Tommy Tucker Cave
There is a great road bike ride along the Skedaddle Mountains out to the Nevada state line. Years ago riding along the range Jim Chapman pointed out the Tommy Tucker cave. This came back to me when I was looking for a Memorial Day subject to write about. Tommy Tucker was a Maidu, as a young man he was gifted in music and athletics, he also excelled in his studies. He enlisted for service in World War I and was killed in action in France. He was the first Susanville resident to die in WWI. I still have no idea what his connection was with the cave that is named for him. if anyone out there knows give me a call 257-5136, I’ll do a follow up.
I asked LoCaL Historian, Tim Purdy, how to get there. Our bookkeeper and my new best climbing buddy, Heather, lives out that way so she agreed to be my guide. Trust me when I tell you this IS a climb and not for anyone who’s afraid of heights. Though we saw the trail from the road we totally missed it on the way up and made our way up the rock draw. When we reached the area where we thought the cave should be we found the trail. Sure, now we find it.
Guess what? There were 2 people there. And not just anybody but an Archaeologist from BLM, Marilla Martin and an Archaeologist that specializes in rock conservation, Jannie Loubser. The pictograph at the entrance to the cave had been vandalized with spray paint, which we had heard about BUT they had just finished the removal and restoration. THANK YOU to everyone involved in this project. *These caves are sacred to the local Native American tribes, vandalizing them is no different than vandalizing a church.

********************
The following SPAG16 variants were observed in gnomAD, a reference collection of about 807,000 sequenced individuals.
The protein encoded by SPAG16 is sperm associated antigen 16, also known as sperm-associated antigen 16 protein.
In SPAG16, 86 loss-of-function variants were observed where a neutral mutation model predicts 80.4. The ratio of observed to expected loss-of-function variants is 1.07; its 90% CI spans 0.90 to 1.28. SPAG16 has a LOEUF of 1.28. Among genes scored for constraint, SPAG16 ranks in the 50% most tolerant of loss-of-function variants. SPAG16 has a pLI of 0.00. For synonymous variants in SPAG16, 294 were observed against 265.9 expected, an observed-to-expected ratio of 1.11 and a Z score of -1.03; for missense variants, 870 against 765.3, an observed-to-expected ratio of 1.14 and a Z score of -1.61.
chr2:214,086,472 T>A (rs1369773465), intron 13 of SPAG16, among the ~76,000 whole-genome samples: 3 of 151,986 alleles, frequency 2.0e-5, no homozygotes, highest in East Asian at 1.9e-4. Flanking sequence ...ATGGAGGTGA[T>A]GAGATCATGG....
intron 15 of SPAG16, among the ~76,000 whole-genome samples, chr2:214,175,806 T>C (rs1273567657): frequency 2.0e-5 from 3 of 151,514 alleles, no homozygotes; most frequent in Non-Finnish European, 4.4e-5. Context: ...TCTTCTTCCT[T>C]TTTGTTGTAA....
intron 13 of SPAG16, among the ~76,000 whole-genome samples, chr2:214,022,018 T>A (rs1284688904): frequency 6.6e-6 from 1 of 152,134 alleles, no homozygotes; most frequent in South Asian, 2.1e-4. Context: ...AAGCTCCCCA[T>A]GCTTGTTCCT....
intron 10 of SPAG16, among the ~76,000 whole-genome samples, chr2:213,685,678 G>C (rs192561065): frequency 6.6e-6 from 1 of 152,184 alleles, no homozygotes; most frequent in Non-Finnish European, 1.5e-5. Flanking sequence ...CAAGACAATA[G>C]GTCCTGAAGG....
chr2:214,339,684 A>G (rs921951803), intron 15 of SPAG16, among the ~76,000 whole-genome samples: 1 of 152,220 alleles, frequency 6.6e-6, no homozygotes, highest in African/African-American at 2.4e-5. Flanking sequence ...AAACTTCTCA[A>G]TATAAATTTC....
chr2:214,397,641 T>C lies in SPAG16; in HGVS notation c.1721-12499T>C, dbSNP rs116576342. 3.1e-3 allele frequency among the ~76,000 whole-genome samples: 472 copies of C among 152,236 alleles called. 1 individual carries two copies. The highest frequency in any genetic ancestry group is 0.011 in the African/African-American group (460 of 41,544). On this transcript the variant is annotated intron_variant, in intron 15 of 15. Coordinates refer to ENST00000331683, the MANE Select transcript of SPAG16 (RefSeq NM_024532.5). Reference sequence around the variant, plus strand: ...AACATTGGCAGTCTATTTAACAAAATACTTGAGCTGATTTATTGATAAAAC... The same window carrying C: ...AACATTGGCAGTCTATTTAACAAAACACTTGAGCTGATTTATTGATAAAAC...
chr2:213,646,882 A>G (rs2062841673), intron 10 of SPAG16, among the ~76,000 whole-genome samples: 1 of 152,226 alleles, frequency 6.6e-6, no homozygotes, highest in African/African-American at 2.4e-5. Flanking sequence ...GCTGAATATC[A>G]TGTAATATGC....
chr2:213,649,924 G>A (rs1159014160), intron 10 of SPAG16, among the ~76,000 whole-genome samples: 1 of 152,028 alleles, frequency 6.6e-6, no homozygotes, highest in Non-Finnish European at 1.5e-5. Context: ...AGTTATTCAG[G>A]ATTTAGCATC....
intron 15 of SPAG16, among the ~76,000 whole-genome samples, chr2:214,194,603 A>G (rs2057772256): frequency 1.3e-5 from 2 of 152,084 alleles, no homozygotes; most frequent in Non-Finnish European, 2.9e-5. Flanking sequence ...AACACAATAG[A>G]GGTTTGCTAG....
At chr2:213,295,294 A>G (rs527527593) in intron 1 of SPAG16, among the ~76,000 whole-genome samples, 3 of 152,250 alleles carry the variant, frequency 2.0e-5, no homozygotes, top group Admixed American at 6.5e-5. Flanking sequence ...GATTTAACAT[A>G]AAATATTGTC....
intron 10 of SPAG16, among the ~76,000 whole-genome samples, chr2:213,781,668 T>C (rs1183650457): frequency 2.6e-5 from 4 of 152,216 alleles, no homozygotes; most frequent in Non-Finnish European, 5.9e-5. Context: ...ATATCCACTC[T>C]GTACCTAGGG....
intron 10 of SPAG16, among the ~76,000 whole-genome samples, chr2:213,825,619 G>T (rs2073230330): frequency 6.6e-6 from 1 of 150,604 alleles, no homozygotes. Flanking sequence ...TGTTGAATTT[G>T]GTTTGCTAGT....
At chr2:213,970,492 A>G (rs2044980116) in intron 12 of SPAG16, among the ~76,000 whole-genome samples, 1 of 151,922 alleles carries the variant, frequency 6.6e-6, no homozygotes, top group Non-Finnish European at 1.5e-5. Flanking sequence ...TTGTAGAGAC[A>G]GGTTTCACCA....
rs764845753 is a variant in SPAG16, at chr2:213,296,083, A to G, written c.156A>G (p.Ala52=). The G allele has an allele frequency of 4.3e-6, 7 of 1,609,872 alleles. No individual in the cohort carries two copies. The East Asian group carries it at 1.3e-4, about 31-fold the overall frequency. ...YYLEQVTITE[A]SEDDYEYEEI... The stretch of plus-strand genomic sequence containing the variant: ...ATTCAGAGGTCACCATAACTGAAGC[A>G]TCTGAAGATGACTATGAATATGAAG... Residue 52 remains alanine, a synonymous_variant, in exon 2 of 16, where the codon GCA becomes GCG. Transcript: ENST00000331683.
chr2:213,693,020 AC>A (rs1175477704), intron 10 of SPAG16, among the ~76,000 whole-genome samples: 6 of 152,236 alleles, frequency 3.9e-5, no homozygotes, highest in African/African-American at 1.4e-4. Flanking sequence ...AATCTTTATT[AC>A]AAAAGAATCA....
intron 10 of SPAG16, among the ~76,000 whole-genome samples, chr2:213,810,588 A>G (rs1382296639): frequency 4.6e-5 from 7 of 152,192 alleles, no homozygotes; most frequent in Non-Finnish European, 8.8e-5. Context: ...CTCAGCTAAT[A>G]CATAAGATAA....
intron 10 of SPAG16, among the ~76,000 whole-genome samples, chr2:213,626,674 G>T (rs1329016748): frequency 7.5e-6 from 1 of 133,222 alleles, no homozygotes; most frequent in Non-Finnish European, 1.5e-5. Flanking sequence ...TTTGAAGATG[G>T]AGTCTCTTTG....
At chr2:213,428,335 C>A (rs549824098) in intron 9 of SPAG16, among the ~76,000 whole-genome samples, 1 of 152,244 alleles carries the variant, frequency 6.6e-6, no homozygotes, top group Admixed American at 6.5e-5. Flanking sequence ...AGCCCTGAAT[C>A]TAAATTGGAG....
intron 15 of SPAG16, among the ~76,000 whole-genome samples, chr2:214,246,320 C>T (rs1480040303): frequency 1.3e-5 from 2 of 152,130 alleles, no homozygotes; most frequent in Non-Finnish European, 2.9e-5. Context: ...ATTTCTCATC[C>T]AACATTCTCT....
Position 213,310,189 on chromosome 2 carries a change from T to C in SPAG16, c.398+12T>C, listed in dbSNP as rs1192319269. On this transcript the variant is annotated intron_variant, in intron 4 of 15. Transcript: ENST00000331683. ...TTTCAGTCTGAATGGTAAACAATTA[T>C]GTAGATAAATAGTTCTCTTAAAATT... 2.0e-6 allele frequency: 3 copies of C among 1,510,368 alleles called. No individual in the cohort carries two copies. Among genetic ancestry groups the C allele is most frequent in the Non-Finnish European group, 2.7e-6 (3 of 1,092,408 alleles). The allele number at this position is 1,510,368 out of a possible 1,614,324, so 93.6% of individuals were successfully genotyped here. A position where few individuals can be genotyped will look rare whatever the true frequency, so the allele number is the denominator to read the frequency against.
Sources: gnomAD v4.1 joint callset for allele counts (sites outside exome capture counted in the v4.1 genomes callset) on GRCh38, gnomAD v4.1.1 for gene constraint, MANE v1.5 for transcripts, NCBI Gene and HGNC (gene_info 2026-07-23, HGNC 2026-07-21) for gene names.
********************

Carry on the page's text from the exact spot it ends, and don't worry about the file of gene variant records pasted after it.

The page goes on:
We were so lucky (blessed) to see the pictograph with these archaeologists. Jannie Loubser showed us the pictograph on his phone using an app that enhances the image. According to BLM “Native American people used pigment derived from minerals to paint the pictographs onto the cave walls within the last 500 years. They are the only known pictographs in the region where petroglyphs, images pecked into rock surfaces, are the more common form of Native American rock art." What an amazing experience.
It’s up to us to protect these historical sites for future generations. Please be mindful of their delicate nature.
Thank you to Tommy Tucker and all for past and present service to our Country on this Memorial Day!